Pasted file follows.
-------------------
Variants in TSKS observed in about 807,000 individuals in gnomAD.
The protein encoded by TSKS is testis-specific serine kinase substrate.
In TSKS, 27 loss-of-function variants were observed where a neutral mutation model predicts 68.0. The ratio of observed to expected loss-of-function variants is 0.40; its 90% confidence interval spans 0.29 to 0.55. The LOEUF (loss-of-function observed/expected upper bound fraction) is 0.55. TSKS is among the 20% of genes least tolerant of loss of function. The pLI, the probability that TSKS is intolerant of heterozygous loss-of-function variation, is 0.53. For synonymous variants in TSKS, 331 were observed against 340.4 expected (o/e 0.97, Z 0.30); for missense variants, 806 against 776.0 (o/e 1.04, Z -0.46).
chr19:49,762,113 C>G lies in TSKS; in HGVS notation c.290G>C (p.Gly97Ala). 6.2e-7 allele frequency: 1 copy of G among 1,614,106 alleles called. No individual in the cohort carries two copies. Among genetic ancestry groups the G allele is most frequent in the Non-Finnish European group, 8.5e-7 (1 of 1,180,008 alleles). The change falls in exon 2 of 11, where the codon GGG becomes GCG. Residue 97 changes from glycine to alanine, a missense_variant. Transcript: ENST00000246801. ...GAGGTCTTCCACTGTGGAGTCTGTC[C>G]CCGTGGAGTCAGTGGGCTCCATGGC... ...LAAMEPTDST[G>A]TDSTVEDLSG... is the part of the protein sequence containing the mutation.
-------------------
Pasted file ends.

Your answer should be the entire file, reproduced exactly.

Variants in TSKS observed in about 807,000 individuals in gnomAD.
The protein encoded by TSKS is testis-specific serine kinase substrate.
In TSKS, 27 loss-of-function variants were observed where a neutral mutation model predicts 68.0. The ratio of observed to expected loss-of-function variants is 0.40; its 90% confidence interval spans 0.29 to 0.55. The LOEUF (loss-of-function observed/expected upper bound fraction) is 0.55. TSKS is among the 20% of genes least tolerant of loss of function. The pLI, the probability that TSKS is intolerant of heterozygous loss-of-function variation, is 0.53. For synonymous variants in TSKS, 331 were observed against 340.4 expected (o/e 0.97, Z 0.30); for missense variants, 806 against 776.0 (o/e 1.04, Z -0.46).
chr19:49,762,113 C>G lies in TSKS; in HGVS notation c.290G>C (p.Gly97Ala). 6.2e-7 allele frequency: 1 copy of G among 1,614,106 alleles called. No individual in the cohort carries two copies. Among genetic ancestry groups the G allele is most frequent in the Non-Finnish European group, 8.5e-7 (1 of 1,180,008 alleles). The change falls in exon 2 of 11, where the codon GGG becomes GCG. Residue 97 changes from glycine to alanine, a missense_variant. Transcript: ENST00000246801. ...GAGGTCTTCCACTGTGGAGTCTGTC[C>G]CCGTGGAGTCAGTGGGCTCCATGGC... ...LAAMEPTDST[G>A]TDSTVEDLSG... is the part of the protein sequence containing the mutation.